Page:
He also appeared in two Happy Days TV reunions: 1992's The Happy Days Reunion Special, hosted by Winkler, which shared some of the show's memories from the 11 1/2 seasons that it aired on ABC, and 2005's The Happy Days 30th Anniversary Reunion, where he was reunited with most of the surviving cast. Both Howard & Winkler continued friends with Bosley until his death on October 19, 2010.

When asked in 2000 if he would ever like to return to acting, he replied "Only if I can act with Cindy Williams again", referring to the actress who played opposite him in American Graffiti.

Directing

Before leaving Happy Days in 1980, Howard made his directing debut with the 1977 project Grand Theft Auto (after cutting a deal with Roger Corman to star in Eat My Dust with Christopher Norris). Howard went on to direct several TV movies. His big theatrical break came in 1982 with Night Shift featuring soon-to-be stars, such as Michael Keaton and Shelley Long, as well as reuniting Howard with Happy Days co-star Henry Winkler.

He has since directed a number of high-visibility films, including Splash, Parenthood, Cocoon, Willow, Backdraft, Apollo 13 (nominated for nine Academy Awards and winning two), A Beautiful Mind (for which he won the Academy Award for Best Director), Cinderella Man, The Da Vinci Code and Angels & Demons.

Howard's younger brother, Clint, has minor roles in most of his movies. He has also cast his father and mother in a number of roles. Both his wife, Cheryl Howard, and father Rance Howard appeared in Angels & Demons as a CERN scientist and as Cardinal Beck, respectively.[4]

Howard showcased the world premiere of his film Frost/Nixon at the 2008 London Film Festival in October 2008.[5]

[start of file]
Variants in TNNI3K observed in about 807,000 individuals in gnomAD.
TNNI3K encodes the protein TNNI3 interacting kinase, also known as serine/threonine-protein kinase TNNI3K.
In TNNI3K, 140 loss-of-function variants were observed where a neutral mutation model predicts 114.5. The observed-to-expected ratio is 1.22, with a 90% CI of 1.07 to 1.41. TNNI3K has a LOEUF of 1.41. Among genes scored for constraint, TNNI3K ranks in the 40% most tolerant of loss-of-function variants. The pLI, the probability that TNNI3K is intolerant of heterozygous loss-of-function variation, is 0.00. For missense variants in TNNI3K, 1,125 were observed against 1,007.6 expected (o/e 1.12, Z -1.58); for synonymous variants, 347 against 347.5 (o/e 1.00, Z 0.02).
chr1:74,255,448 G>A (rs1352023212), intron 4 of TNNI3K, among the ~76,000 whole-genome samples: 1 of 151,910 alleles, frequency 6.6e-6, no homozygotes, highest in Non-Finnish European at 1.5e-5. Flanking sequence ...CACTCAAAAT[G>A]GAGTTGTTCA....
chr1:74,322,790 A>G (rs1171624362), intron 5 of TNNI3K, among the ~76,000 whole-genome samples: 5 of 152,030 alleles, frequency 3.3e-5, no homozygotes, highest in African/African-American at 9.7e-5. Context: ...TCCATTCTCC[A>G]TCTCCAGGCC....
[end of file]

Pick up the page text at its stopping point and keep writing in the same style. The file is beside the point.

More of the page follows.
Ron Howard was the recipient of the Austin Film Festival's 2009 Extraordinary Contribution to Filmmaking Award. Michael Keaton presented him with the Award.

Howard has signed on to direct the upcoming first film adaptation of Stephen King's The Dark Tower series, as well as the first season of the TV series.[6]

Imagine Entertainment

Howard is the co-chairman, with Brian Grazer, of Imagine Entertainment, a major film and television production company, which has produced notable projects like Friday Night Lights, 8 Mile, Inside Deep Throat, and the television series 24, Felicity and Arrested Development, which he also narrated.

Recent controversy

Howard has recently been criticized by the Gay & Lesbian Alliance Against Defamation (GLAAD) for his refusal to alter one of his movies by deleting a scene in which one of the characters uses the word "gay" in its secondary, derogatory meaning, saying "Electric cars are gay. I mean, not 'homosexual' gay but 'my parents are chaperoning the dance gay.'" While Universal removed the scene from the trailer, Howard defended keeping it in the movie itself by citing freedom of speech.[7]

Personal life